Our own Little Island

November 2, 2020

Audrey Wood, gap year student

Carolyn showing Harrison, Audrey and Sam how to use sextants to shoot the sun
OLYMPUS DIGITAL CAMERA

Carolyn showing Harrison, Audrey and Sam how to use sextants to shoot the sun

Ship's Log

Present Location
23° 46.9’ N x 069° 39.6’ W

Ship’s Heading, Speed and Sail plan
Full and by (steering to keep sails full) with Main, Main stays’l, fore stays’l and Jib at 5 knots.

Weather
Winds SSE force 2, cloudy with 3 foot seas

Souls on Board

All blogs from C-294

It was another hot and sticky day aboard the Cramer. My fair Scottish skin is struggling during these scorching temperatures. Yet I am still loving all of this wonderful and challenging adventure. This morning I was woken up at 0610 for a nice breakfast before heading up for morning watch. I was in galley which meant it was time to get washing dishes. As much as I hate washing up at home, cleaning on the ship never really feels like a chore to me. With Katey, Adam and Campbell cooking veggie pot pie, along with many other delicious things, the six hours seemed to slip by.

At 0800 we had Atlantic history hour where we discussed the similarities and differences of life aboard a boat to that of an island. I’ve really enjoyed these conversations as everyone has a lot of fascinating points. After bouncing ideas back and forth off each other, I do think we are like our own little island. We have all had to adjust to a completely different way of living at sea and I have grown to love this lifestyle.

Kerren, Audrey and Claire furling the JT

Kerren, Audrey and Claire furling the JT

From the intense 6 hour on, 12 hour off watch cycle (which sometimes makes this feel like a full time job) and not being able to walk in a straight line due to the constant “motion in the ocean” as Captain likes to put it to standing lookout on the bow with bioluminescence and dolphins below you, stars above and the whole ocean to sing to (my new favorite thing to do). Every little thing together is what makes this experience. I then stayed up on deck for a while, I helped strike and furl the JT and was the J-frame driver when deploying the carousel and CTD.

Science had a very busy day with lots of deployments and the deck crew was kept on their toes. Kerren did a great job of organizing everyone to strike the Jib, double gibe and get the boat going 2 knots (a perfect “bagel walking speed”) to allow science to collect all that awesome data. Then it was back below for more dishes. My fingers started to wrinkle up but I didn’t mind.

An aerial view of the ship with the Neuston Net in the bottom left corner.

An aerial view of the ship with the Neuston Net in the bottom left corner.

We had class on the quarter deck at 1300 and afterwards I took a nap. I’ve actually grown to like my tiny bunk. Sleeping there has forced me to destroy my extremely picky sleeping habits (which I am very grateful I no longer have). Megan and I then worked on our myctophid project. I have enjoyed learning all these new things in a hands-on way and regained my love of learning.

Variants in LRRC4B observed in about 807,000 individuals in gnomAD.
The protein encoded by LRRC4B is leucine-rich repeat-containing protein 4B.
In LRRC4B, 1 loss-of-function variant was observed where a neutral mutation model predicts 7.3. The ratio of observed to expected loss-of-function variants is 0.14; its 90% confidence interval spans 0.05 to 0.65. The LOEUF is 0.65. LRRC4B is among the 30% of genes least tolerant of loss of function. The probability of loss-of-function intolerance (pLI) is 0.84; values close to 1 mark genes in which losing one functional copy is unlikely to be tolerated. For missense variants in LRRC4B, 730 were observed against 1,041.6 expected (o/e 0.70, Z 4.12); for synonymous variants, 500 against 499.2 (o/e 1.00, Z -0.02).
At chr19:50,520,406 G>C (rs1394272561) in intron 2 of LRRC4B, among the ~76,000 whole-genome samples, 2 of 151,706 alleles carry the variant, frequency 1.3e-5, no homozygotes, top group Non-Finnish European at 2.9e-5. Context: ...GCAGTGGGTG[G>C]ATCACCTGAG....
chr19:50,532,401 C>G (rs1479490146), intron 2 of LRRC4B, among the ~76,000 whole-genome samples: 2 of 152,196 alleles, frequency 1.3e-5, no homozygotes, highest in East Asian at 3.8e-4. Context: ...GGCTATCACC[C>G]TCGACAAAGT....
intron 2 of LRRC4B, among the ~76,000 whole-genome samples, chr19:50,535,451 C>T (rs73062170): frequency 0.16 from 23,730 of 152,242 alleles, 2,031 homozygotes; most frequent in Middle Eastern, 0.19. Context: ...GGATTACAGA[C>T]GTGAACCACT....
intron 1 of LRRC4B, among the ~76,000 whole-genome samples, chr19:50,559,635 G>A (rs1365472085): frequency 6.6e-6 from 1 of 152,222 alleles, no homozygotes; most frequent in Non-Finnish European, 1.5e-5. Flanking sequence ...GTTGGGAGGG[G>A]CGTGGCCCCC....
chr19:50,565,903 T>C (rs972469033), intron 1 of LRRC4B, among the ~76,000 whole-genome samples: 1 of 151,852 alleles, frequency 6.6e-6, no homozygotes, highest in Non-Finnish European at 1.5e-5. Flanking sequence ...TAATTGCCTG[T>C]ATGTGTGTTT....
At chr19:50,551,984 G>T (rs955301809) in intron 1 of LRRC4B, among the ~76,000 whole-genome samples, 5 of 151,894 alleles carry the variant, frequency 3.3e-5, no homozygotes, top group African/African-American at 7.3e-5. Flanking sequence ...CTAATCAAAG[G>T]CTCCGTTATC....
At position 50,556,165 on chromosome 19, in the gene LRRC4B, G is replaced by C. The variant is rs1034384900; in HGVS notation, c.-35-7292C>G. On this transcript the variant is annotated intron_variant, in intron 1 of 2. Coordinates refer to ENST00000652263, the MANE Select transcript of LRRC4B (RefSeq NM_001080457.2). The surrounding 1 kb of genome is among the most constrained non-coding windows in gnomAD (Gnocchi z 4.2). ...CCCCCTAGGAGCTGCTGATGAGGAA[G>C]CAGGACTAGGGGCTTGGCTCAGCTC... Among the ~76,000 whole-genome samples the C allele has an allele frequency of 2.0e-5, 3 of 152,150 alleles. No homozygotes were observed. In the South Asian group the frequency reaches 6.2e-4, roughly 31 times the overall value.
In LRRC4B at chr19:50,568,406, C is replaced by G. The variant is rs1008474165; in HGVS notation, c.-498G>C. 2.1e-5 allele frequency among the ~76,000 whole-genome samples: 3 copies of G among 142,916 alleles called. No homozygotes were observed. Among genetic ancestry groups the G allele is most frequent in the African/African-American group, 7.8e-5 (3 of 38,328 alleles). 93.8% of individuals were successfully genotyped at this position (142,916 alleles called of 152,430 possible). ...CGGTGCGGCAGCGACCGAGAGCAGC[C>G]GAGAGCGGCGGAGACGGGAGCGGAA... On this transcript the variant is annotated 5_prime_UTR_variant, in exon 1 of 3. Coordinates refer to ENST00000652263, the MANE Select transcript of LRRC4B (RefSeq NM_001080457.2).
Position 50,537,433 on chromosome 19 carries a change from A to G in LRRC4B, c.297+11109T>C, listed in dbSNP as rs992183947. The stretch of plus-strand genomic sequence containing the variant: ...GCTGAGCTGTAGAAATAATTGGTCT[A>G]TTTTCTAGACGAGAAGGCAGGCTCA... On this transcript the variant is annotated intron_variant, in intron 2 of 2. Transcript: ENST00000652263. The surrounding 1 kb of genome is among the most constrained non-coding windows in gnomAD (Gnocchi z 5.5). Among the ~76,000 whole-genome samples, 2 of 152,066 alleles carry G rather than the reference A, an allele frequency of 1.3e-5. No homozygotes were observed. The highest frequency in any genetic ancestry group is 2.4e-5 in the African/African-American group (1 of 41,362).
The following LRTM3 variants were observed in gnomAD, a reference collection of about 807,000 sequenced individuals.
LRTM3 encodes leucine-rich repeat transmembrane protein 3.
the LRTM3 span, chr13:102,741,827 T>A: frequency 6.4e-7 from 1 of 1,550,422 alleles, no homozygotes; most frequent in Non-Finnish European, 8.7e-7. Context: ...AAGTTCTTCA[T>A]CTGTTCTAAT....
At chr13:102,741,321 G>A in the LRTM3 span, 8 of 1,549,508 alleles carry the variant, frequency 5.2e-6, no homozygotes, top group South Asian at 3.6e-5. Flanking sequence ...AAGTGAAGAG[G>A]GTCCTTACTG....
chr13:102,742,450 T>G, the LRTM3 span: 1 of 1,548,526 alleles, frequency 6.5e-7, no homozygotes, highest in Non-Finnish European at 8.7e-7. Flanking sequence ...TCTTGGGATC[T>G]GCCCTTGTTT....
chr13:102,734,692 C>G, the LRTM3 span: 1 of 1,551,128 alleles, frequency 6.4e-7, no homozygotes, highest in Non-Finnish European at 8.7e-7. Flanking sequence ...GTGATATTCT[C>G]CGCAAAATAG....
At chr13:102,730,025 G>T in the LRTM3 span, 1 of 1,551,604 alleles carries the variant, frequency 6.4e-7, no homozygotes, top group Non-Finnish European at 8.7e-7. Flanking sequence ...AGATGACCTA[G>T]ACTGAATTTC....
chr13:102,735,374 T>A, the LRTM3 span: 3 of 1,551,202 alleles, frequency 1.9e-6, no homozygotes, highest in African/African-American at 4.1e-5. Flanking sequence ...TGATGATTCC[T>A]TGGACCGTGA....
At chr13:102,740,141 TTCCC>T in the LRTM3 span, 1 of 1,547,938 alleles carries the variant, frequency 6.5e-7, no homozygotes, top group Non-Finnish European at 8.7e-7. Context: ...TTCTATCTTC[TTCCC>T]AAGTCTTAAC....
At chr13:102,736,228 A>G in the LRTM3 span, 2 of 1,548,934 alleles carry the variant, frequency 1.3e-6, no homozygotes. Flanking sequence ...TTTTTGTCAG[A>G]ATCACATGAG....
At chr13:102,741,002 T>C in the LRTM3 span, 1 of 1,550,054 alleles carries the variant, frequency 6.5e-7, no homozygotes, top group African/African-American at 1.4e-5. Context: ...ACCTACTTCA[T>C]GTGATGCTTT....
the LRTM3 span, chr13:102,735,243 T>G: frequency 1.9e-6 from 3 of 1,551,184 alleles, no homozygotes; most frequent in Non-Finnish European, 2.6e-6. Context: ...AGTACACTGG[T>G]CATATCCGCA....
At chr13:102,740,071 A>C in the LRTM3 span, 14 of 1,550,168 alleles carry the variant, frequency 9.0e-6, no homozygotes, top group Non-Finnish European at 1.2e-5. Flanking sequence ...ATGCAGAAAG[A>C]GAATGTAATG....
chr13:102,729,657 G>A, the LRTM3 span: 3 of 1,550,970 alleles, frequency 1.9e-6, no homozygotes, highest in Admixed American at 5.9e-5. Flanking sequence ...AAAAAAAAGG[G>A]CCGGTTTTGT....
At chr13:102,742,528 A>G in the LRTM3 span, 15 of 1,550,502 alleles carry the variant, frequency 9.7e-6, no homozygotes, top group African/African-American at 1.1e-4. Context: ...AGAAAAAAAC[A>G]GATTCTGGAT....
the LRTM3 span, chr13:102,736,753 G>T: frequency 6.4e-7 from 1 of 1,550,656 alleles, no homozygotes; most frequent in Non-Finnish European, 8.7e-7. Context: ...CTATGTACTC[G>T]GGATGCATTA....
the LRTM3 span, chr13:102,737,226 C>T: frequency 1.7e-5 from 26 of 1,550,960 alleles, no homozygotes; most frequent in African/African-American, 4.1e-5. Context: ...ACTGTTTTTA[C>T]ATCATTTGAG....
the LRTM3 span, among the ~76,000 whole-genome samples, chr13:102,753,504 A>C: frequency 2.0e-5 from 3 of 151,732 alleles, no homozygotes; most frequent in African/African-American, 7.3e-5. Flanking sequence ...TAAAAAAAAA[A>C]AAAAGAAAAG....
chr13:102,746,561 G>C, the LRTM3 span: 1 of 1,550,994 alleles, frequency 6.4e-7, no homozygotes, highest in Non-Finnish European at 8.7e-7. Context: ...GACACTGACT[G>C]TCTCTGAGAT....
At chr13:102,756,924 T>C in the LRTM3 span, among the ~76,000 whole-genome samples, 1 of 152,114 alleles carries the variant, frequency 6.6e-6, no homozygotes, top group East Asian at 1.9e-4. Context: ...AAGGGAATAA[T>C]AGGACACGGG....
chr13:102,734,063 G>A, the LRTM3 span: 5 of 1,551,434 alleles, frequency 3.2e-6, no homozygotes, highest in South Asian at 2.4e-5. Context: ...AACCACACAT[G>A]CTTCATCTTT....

I am now almost able to dissect a fish, (If you know me you’ll get what a huge deal that is for me) compared to the start of our trip when I struggled to even pull out shrimp and other critters when processing the Neuston Tow I think I’m making good progress. I feel as if I’ve learned a whole new language, I now know what it means to “Brace sharp on a starboard tack” or “Hands to the Fore Stays’l halyard”. Yet more importantly I know where to go and what to do when I hear these commands.

I love being away from my phone and the crazy distractions of normal life. I have become more aware of everything and spent a lot of time in awe of the beauty of Mother Nature. From whales and dolphins to flying fish landing on the deck, your eyes always have something amazing to take in. Almost every night I write in my journal how today’s sunset was more spectacular than the last one. The stars at night are breathtaking and I have been amazed when learning how to plot our position through celestial navigation. Being here I have realized how much I took for granted back home. I now really appreciate the simple things such as being able to do laundry, not falling over in the shower or even just going for a walk. This past month has been the most magical and mind blowing experience but also extremely difficult. I have grown in many ways and learned so much, as a result I can now see changes in myself and I am able to do things I never would have imagined. I look forward to relishing our last few weeks aboard but for now I better get some sleep before I’m woken up in the dead of night for another dawn watch. I wonder what wonderful new and exciting things tomorrow will hold.

- Audrey Wood, gap year student

P.S: Thank you so much Mum for supporting me with this. I can’t wait to give you a huge hug and tell you all about it. Hi Katrina, I miss you tons and I wish you could see the sunsets, you would love them. Sending love across the pond to you, Dad, Granny and Grandpa. I hope I can see you all sometime soon. Hi Howzzzz it, here is your shout out! Chicken Fried was played yesterday during field day and I smiled and thought of you all. However, I’m glad none of you are here as I’ve said the word “choppy” so many times…

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